My friend Max used to work at a small kitchen supply store that hardly had any business, so I would often visit him. He’s a very smart guy who has a lot of well thought out ideas about politics, art, and life. I may not always agree with him, but I’m always fascinated to hear what he has to say. I always end up thinking about things I had never thought of before.
One afternoon while we were chatting, the cleaning lady came in to pick up a key. Before she left she mentioned to us that she was having trouble finding a second job for the summer. “It’s because all the good jobs are going towards those daggone Mexicans,” she said.
“Well,” Max said, “if you’re living in extreme poverty, wouldn’t you take any job you can to feed your family?”
“But I pay my taxes,” stated the cleaning lady. “I can’t get a break like these Mexicans who are sneaking over here and stealing our jobs.” The debate went on like this until it started getting personal. At one point the cleaning lady accused Max’s construction worker father of hiring illegal immigrants. Max calmly tried to explain that, since his dad was just a foreman, he had no say in the hiring process. The cleaning lady just rolled her eyes as if Max was talking nonsense. After what felt like an hour, the cleaning lady finally left. Max could not have been happier.
I don’t want to start any debates about immigration. I mention this only because it reminds me of how much people want to prove that they are right, and everyone else is wrong.
Perhaps it comes from the natural drive for self-preservation. As you might remember from biology, all creatures have a “fight-or-flight” mechanism to help defend themselves against threats in nature. When danger arises—a hungry tiger comes looking for dinner, for example—the animal will puff up and get ready to either fight or run away. Without this natural trait, defeat would be all too easy.
But modern man, in his comfortable suburban existence, doesn’t really have as much to worry about as wild animals. We still face threats, of course: neighborhood violence, robbers, and overdevelopment, to name just a few. But nothing as immediate and threatening as, say, a jaguar about to eat you up. So what do we do with this natural self-defense mechanism? Use it for other situations, like debates.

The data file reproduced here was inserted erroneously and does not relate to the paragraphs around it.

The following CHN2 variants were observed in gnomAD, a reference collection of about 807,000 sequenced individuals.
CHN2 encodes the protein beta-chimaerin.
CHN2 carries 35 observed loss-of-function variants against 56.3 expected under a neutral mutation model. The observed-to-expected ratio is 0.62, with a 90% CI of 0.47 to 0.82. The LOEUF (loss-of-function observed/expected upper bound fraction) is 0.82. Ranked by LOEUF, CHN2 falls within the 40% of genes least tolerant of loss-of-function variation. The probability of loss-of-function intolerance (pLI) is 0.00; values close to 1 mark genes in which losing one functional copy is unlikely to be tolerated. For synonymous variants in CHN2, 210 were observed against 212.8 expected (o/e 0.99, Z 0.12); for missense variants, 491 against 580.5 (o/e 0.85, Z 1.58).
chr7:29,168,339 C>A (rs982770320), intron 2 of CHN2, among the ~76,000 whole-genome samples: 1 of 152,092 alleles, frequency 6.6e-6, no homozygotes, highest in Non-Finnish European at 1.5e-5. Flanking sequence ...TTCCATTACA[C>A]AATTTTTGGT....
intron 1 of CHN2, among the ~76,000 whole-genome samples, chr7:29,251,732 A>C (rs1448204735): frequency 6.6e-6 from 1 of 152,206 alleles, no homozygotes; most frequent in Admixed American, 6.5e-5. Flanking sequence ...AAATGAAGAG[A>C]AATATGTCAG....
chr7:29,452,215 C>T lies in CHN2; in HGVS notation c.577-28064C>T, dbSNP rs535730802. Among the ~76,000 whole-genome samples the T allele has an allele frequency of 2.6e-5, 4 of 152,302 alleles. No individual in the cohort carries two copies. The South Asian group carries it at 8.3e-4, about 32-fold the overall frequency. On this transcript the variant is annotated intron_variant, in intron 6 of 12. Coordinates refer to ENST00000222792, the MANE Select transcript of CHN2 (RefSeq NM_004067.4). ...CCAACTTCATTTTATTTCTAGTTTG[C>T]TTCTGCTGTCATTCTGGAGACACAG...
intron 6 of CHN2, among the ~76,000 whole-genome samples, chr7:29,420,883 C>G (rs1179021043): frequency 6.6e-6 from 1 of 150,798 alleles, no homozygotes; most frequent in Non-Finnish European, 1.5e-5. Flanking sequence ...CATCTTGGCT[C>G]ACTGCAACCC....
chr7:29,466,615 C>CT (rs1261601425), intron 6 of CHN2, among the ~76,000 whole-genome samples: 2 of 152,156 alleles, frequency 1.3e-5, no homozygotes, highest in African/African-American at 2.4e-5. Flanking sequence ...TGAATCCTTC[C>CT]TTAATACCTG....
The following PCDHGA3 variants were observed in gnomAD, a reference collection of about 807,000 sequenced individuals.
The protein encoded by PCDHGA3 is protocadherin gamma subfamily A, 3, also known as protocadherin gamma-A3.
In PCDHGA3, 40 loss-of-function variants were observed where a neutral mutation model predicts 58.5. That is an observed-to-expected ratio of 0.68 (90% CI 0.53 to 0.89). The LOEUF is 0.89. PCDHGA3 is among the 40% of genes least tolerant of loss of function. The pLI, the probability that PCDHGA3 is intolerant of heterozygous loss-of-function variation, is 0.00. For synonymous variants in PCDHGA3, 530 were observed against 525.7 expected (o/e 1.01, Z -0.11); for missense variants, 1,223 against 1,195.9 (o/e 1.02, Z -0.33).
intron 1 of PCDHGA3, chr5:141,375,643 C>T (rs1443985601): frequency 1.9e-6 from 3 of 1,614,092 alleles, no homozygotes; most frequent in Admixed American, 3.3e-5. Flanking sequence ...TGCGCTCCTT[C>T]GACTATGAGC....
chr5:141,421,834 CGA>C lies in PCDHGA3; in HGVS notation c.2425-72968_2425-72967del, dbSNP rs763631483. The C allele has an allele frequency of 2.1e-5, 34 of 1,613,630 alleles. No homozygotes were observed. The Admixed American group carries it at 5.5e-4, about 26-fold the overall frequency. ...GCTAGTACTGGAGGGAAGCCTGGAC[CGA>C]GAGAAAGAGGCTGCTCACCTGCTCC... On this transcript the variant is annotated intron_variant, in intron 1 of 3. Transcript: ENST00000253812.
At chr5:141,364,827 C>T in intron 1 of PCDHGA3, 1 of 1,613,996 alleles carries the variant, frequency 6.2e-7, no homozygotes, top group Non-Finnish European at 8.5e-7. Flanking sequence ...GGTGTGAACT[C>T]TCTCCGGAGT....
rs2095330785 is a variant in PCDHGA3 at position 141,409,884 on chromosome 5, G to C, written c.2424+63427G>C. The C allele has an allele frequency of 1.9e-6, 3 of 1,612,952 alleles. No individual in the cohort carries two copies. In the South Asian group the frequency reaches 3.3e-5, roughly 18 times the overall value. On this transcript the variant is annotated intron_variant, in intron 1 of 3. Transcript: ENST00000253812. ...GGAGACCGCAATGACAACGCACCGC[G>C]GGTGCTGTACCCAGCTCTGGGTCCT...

We humans like to define ourselves by our beliefs. Whether they are political, religious, or social, our beliefs shape our personality and view of the world. When some one challenges our beliefs, everything that defines who we are is threatened, so that’s when the old fight-or-flight kicks in.
Nowhere have I seen this more than in online Christian forums. When I first became a Christian, I was excited to learn from fellow believers all over the web, and share my walk with them. Over the years, however, I’ve been seeing more and more arguments, debates, and name-calling. It’s either one side accusing another of being “fundamentalist Pharisees,” or some one being called a “liberal heathen.” And I, unfortunately, have participated in such arguments. So much for One God, One Faith, One Baptism.
I remember one person in particular, who used to frequent a Christian community on Livejournal. Her posts were always of the fundamentalist persuasion; she claimed that gays were ruining families, Democrats were enemies of God, and the Catholic Church distorted the Gospels. Whenever some one disagreed with her, she accused them of not reading their Bible enough, or being “liberal heathens.” This was a person who was not happy until she had proven that she was right, and everyone else was wrong. (This is also some one who recently wrote a blog entry suggesting that Barack Obama might be the Antichrist.)
And then of course there's the whole "Farewell Rob Bell" thing. I haven't read Love Wins yet (although my Something Beautiful co-host Thomas just sent me a digital version of the book for my brand new Kindle), but I couldn't believe that John Piper would just so flippantly write off Bell on Twitter. Whether or not you agree with Bell, he brings up a good question, one that I think the Church should talk about it. Unfortunately, it's been less of a conversation and more of a theological shouting match. I guess love doesn't really win after all.
Which brings me to this question: is all this arguing really worth it? Are we really teaching and correcting one another, or are we just tearing each other apart? The Bible says, “Do not let any unwholesome talk come out of your mouths, but only what is helpful for building others up according to their needs, that it may benefit those who listen.” (Ephesians 4:29, NIV) I don’t know about you, but to me arguing and name-calling are not very helpful.
All of us come from different backgrounds and experiences. What if we took the time to hear each other’s stories to see where we all come from? To really serve some one, sometimes you have to put yourself in their proverbial shoes. In 1st Corinthians Paul writes, “To the Jews I became like a Jew to win the Jews. To those under the law I became like one under the law (though I myself am not under the law) so as to win those under the law.” (9:20, NIV) We don’t have to agree with each other, of course, but we can definitely understand each other better. The more we get to know each other, the better we can serve one another.
I pray for a great sense of unity within the Body of Christ. May we realize that we are all learning how all of this works, and that no one is perfect. And I’m praying for myself as much as I am praying for the Church.